Both Spectator and Actor in the Great Existential Drama209— The Role of the Observer The theory of relativity had already bestowed upon the observer a more important position than ever before by making time dependent upon the respective reference systems of one or another observer. Quantum theory increased this tendency into the almost unimaginable. First, it brought disorder into the distinction between "objective" and "subjective" that was apparently so self-evident in natural science. Thus, for example, the concept "objective observation" becomes contradictory in itself, because in quantum theory, it must be assumed that we can observe only that which cannot be separated from us.210 Quantum physics also robbed empirical measurement processes of their innocence by asserting that any observation of a process represents an influence on that process. In the words of Bohr: "Now the quantum postulate implies that any observation of atomic phenomena will involve an interaction with the agency of observation not to be neglected. Accordingly, an independent reality in the ordinary physical sense can neither be ascribed to the phenomena nor to the agencies of observation."211

Bohr thus goes so far as to question the very existence of an independent reality. Neither the phenomena nor the observations can be described with a simple "that's how it is." Each observation requires an intervention into the course of phenomena in a way that deprives us of the basis for a causal description.212

It may sound improbable that the intense observation of a clock slows down its movement, but that is precisely what happens when the clock is regarded as a quantum system. It has been shown on atoms that normally disintegrate with regularity that continuous observation prevents these atoms from disintegrating.213 During uninterrupted observation of a quantum system, time, then, principally stands still. For physicists, this is not entirely unproblematic: Their definition of time as being that which is shown by the clock works only when they do not look at the clock too often.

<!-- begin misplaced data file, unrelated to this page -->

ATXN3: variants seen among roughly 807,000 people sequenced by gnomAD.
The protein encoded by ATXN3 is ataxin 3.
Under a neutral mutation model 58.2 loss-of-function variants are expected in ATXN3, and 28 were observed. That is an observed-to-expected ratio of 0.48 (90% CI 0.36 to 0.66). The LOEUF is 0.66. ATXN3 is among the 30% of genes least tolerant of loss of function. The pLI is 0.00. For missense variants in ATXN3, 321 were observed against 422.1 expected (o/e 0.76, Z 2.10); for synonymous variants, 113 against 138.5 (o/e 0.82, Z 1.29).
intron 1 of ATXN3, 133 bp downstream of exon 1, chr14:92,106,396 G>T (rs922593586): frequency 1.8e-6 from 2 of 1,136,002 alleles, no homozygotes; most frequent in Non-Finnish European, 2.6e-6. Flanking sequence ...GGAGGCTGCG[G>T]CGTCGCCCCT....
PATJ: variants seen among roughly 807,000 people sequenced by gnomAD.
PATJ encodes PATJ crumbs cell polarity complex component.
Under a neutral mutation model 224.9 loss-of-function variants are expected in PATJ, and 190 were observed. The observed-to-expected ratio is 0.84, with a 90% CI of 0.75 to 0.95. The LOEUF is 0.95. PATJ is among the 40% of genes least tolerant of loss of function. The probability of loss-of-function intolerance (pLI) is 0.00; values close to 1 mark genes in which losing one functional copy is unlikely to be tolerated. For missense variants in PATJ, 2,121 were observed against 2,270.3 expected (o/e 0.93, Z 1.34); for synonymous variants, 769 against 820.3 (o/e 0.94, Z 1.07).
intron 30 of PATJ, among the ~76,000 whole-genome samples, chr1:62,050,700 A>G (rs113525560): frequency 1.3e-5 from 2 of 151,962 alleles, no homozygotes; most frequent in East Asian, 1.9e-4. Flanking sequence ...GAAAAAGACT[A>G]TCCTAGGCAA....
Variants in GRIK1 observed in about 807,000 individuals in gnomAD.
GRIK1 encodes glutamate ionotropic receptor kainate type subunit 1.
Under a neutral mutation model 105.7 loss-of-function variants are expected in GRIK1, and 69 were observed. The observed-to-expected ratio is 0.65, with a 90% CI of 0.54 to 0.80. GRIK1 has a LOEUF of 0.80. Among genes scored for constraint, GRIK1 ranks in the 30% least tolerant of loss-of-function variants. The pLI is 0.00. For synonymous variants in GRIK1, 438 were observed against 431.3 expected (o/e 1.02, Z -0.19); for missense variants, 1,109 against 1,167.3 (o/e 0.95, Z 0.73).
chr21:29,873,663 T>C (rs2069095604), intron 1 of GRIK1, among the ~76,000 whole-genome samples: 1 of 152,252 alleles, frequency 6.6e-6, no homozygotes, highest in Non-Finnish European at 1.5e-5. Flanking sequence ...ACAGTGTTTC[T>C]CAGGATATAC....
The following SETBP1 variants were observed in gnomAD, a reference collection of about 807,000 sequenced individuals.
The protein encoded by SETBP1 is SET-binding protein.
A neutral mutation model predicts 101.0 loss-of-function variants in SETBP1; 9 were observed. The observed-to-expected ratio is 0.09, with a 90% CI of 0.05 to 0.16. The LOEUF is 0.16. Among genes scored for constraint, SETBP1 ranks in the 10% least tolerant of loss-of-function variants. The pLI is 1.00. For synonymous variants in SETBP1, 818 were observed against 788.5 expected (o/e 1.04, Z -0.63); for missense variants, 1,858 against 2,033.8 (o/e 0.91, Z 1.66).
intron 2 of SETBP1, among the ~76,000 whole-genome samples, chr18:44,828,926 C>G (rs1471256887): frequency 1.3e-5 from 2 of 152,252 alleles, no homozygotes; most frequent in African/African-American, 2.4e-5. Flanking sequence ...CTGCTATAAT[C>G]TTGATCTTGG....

So far, this presentation of quantum physics has focused on probability and uncertainty only. The inclusion of the observer makes clear that, in quantum theory, one is dealing with a massive triad of probability, complementarity, and observation. Neither probability nor complementarity becomes clear without measurement. This means that even when uncertainty cannot be traced back to a fault of the observer and his or her equipment, but is rather a feature of nature per se, uncertainty becomes evident only through the act of measurement that is performed by an acting subject. The extent to which a distinction can be maintained between an observing subject and a quantum system as the observed object is the subject of an ongoing discussion.214 Some interpretations can go so far that, finally, "everything" is dependent upon the observer. What "everything" means in this context can be clarified by the thought experiment with Erwin Schrodinger's famous cat. This is the attempt to work out the epistemologi-cal consequences of quantum theory by transposing a quantum system onto the macroscopic level. The thought experiment goes like this: A cat is in a closed, opaque crate together with an ampoule of lethal poison. A hammer is affixed above the ampoule and crushes the ampoule when it falls down, thus leading to the instant death of the cat. The release of the hammer is dependent upon the random disintegration of a radioactive atom. As long as no one looks into the crate, the cat is not, as would be assumed, either alive or dead, but it is rather in a "both dead-and-alive condition," which corresponds to a wave function that contains both possibilities. Only at the moment when an observer looks into the box does the one possibility disappear and the other become reality, which is synonymous with the collapse of the wave function for the unrealized possibility.215